Where are we at? Is 2.4a.2 done?
What about 2.2a.2? And 2.3a.2?
I’m listening to two editors trying to sort out what’s done and what’s not.
I’m not sure. I finished 2.1a.4 yesterday
but I don’t think I’ve seen 2.4a.2.
Where’s Ryan Gosling when you need him?
I understand the impulse to keep related sections together and to number similar sections similarly. The problem arises when there are too many levels. What looks logical and tidy on a spreadsheet, where you can indent or add colour to distinguish sections, doesn’t look quite so clear in other formats; for example:
- 2.1a.1, 2.1a.2, 2.1a.3, 2.1a.4 – experience sections – corporate
- 2.1b.1, 2.1b.2, 2.1b.3, 2.1b.4 – experience sections – key personnel
- 2.2a.1, 2.2a.2, 2.2a.3, 2.2a.4 – technical plans
- 2.2b.1, 2.2b.2, 2.2b.3, 2.2b.4 – other technical requirements
- 2.2c.1, 2.2c.2, 2.2c.3, 2.2c.4 – operations plans
- 2.3a.1, 2.3a.2, 2.3a.3, 2.3a.4 – staffing plans
Worse than its eye-crossing appearance, though, is that it’s impossible to keep it straight when talking about it.
If you want to know four things about each bidder (experience, technical plan, operations plan, and staffing plan) for, say, three major technical functions (fleet management, facilities maintenance, logistics), then consider one of these instead:
- Assign a different number to each of the major things-to-know and a letter to each function:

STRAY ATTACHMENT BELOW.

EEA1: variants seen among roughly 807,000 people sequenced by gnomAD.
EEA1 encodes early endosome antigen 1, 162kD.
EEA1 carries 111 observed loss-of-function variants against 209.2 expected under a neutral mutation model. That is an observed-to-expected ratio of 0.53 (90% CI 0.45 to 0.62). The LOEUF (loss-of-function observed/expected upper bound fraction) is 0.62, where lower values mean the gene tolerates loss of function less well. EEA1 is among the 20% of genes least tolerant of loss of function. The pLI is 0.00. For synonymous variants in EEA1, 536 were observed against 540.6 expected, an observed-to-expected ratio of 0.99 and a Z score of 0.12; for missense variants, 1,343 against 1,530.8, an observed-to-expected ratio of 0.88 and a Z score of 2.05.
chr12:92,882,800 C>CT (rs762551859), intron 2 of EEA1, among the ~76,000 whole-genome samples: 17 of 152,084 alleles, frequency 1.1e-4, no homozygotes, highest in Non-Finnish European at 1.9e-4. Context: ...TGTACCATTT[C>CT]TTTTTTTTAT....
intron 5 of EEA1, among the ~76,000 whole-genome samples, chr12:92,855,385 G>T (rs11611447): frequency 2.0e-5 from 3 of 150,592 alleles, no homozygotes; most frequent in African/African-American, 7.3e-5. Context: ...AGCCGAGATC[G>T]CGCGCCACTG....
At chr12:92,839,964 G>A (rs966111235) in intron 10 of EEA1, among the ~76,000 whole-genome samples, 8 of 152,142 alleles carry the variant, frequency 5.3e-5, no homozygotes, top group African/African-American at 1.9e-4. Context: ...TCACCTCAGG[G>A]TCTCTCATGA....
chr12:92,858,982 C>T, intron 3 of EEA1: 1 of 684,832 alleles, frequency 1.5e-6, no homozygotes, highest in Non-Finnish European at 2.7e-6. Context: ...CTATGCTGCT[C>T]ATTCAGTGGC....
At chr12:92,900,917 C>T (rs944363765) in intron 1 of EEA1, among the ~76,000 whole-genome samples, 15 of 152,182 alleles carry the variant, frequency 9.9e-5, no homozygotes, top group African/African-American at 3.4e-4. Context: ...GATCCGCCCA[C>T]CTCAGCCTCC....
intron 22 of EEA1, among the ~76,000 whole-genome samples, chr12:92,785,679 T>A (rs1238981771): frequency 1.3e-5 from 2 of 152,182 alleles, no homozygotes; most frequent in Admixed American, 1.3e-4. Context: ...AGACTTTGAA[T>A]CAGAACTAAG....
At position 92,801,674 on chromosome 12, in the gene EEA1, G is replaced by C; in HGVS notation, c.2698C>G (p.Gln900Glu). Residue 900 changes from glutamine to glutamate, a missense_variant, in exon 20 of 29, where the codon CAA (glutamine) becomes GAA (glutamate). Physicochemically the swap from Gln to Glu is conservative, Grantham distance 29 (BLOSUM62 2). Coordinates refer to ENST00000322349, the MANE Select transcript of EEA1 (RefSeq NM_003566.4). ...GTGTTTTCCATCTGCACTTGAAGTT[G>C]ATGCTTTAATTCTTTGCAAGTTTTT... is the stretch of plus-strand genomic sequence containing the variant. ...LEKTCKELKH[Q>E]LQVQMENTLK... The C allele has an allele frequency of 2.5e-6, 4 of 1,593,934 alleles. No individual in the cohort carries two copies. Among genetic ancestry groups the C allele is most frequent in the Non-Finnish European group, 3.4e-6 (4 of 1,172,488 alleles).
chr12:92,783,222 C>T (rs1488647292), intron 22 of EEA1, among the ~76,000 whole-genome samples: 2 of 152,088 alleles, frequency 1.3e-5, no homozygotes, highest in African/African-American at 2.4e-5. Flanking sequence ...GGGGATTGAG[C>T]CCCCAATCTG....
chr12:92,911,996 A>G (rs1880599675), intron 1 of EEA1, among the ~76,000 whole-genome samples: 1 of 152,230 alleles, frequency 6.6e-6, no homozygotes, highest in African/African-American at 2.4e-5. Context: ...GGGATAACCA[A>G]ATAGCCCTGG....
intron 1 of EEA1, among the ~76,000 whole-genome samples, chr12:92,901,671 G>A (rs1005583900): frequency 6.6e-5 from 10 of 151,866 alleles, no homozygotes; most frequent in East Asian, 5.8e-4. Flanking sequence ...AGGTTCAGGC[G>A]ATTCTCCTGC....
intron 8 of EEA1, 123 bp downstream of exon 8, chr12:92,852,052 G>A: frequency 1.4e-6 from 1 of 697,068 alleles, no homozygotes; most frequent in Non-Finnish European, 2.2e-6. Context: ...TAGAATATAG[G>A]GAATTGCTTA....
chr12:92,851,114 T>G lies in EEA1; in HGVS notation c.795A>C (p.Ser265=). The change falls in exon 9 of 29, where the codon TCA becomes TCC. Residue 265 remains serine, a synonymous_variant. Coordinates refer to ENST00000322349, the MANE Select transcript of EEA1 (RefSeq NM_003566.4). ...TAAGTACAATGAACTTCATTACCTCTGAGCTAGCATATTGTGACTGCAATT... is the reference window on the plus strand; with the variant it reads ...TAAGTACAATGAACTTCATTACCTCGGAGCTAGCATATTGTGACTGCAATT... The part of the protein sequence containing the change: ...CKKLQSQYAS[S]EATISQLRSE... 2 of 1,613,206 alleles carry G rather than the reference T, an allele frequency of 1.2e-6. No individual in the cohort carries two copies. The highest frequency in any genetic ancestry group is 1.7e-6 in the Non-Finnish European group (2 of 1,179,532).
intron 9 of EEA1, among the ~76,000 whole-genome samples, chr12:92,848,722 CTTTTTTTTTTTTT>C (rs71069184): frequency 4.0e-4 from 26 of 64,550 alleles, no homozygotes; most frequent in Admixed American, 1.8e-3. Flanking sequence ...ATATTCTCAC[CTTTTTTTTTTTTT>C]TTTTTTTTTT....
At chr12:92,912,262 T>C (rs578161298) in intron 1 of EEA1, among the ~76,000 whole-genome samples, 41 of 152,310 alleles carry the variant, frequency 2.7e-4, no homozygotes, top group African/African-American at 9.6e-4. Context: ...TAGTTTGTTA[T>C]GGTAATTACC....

- 1A, 1B, 1C – this keeps together all the experience responses
- 2A, 2B, 2C – this keeps together all the technical plans
- 3A, 3B, 3C – this keeps together all the operations plans
- 4A, 4B, 4C – this keeps together all the staffing plans
- Flip the organization and assign a different number to each technical function and a letter to each of the things-to-know:
- 1A, 1B, 1C, 1D – this keeps together all the responses related to fleet management
- 2A, 2B, 2C, 2D – this keeps together all the responses related to facilities maintenance
- 3A, 3B, 3C, 3D – this keeps together all the responses related to logistics
Does it matter whether you start with a number or a letter? No.
Does it matter whether you organize by thing-to-know or by technical function? Not really. People think of these things differently. You might have a preference based on how you’re going to evaluate the response, and that’s fine.
What does matter is that you don’t get into three-level numbering before you’ve asked for a word of response. What does matter is minimizing (or eliminating) the dagnabbed decimals. What does matter is using no more numbers and letters than you absolutely need. After all, 10 files numbered 1 to 10 will sort just the same as if they were numbered 2.2a.1, 2.2a.2, 2.2a.3, 2.2a.4, 2.2a.5, 2.2a.6, 2.2a.7, 2.2a.8, 2.2a.9, 2.2a.10, and nobody’s head will explode.
Keep. It. Simple.
Advice to Procurement Professionals: